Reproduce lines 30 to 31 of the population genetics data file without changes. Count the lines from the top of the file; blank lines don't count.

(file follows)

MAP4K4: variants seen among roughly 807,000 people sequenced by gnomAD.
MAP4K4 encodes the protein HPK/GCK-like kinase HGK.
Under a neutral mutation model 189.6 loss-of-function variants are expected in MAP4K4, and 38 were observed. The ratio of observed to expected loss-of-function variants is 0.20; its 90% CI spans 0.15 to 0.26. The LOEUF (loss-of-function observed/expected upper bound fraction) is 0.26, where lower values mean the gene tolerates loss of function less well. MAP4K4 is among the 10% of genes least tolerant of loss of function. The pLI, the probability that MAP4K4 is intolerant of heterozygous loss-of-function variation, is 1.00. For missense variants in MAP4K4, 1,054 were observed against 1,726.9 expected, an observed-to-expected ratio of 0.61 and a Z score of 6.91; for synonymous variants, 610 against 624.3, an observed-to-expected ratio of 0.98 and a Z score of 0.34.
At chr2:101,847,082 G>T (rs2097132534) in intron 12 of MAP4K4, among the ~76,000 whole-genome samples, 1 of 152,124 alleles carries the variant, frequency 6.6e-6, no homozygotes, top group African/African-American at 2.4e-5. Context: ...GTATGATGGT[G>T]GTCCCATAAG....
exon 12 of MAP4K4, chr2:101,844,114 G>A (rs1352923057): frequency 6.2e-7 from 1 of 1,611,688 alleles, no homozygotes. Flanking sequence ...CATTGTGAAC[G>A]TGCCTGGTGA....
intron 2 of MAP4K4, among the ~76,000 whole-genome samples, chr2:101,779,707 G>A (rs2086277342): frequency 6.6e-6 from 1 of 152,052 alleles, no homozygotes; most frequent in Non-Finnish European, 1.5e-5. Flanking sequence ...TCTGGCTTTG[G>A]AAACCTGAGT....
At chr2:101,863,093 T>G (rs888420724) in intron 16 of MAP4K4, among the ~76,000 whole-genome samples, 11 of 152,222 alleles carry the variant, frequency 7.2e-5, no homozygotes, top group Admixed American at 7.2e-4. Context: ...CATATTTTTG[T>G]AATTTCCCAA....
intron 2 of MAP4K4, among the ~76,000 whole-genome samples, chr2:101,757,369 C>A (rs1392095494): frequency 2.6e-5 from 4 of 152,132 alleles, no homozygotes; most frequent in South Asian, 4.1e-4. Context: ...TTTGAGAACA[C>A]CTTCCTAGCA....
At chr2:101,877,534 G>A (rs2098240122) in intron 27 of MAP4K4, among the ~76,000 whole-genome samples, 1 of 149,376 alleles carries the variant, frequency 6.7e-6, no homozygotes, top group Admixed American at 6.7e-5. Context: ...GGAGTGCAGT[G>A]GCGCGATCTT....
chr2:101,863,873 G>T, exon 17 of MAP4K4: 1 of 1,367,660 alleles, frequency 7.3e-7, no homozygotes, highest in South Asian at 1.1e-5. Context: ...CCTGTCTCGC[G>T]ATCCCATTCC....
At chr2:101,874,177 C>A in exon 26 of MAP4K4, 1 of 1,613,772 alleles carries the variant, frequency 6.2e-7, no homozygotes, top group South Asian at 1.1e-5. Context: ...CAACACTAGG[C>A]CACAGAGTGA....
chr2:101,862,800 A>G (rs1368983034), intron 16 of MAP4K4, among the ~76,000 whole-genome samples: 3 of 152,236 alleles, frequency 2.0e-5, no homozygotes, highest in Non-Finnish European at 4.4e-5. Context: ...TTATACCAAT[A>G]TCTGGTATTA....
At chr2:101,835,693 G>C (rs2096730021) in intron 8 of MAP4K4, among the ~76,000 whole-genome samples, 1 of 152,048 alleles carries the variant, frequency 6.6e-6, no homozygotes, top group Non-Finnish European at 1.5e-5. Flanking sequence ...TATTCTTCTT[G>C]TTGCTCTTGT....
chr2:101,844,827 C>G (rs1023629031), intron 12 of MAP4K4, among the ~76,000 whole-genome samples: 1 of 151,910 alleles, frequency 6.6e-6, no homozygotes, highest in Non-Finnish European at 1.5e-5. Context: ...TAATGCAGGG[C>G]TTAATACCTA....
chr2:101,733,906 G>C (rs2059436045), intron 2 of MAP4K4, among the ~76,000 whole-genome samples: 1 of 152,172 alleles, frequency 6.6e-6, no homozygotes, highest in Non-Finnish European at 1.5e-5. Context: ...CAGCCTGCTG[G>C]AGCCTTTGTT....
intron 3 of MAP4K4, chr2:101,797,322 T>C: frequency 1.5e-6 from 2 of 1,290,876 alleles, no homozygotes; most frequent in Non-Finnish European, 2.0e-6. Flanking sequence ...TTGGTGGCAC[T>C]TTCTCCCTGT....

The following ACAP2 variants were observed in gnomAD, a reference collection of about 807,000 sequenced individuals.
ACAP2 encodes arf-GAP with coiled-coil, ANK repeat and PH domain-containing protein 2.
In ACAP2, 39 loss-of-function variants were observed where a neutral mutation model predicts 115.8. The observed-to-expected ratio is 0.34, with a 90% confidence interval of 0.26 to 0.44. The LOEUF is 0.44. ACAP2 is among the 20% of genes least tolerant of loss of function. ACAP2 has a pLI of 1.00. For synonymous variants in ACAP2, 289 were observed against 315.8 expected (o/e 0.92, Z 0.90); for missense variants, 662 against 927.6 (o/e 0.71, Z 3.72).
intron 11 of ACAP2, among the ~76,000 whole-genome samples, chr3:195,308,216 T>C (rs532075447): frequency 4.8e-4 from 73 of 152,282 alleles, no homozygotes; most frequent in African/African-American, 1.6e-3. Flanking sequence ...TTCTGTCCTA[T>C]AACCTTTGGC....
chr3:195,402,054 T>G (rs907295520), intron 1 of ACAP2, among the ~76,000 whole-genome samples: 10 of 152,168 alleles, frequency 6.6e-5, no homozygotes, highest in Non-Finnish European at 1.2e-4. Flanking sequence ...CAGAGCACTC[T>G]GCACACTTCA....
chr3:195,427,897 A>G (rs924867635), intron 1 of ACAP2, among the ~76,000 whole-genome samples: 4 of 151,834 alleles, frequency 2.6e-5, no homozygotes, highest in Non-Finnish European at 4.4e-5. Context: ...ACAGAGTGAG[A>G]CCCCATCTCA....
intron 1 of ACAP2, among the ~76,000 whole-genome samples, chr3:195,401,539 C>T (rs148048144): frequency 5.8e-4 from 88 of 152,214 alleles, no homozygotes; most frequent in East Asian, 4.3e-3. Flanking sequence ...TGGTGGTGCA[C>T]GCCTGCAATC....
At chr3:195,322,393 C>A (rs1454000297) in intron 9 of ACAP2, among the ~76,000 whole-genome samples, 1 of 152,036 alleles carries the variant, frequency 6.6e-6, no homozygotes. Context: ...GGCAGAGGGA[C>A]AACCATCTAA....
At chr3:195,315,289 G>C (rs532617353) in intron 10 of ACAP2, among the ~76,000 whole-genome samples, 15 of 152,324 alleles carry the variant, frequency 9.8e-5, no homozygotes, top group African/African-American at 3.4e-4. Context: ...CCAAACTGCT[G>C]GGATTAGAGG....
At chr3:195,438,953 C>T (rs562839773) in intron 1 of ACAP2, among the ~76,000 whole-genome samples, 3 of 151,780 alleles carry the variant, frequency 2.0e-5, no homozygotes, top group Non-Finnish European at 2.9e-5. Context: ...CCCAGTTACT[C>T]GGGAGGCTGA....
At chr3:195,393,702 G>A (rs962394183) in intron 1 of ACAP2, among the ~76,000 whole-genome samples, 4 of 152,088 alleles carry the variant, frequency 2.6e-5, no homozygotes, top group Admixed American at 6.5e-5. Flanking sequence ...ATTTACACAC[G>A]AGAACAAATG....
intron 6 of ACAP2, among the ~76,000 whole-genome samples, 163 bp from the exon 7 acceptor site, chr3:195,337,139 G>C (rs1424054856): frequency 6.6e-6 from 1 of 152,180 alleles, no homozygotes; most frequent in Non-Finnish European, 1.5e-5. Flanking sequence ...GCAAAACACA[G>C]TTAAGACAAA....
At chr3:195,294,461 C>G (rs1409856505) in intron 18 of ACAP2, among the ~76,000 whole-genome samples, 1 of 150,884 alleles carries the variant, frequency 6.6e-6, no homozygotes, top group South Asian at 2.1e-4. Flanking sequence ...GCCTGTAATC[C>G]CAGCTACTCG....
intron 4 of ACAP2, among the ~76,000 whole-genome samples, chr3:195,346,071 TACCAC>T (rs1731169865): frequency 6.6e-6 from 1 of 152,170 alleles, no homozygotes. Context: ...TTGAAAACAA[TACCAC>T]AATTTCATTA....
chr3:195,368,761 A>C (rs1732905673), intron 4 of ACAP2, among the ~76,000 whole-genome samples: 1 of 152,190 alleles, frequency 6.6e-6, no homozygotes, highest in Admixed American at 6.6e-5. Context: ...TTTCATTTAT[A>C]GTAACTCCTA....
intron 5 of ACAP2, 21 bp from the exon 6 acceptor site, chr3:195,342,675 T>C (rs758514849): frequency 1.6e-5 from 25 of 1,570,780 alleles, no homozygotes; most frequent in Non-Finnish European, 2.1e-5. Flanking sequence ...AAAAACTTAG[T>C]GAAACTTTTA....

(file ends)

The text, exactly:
intron 4 of ACAP2, among the ~76,000 whole-genome samples, chr3:195,346,071 TACCAC>T (rs1731169865): frequency 6.6e-6 from 1 of 152,170 alleles, no homozygotes. Context: ...TTGAAAACAA[TACCAC>T]AATTTCATTA....
chr3:195,368,761 A>C (rs1732905673), intron 4 of ACAP2, among the ~76,000 whole-genome samples: 1 of 152,190 alleles, frequency 6.6e-6, no homozygotes, highest in Admixed American at 6.6e-5. Context: ...TTTCATTTAT[A>C]GTAACTCCTA....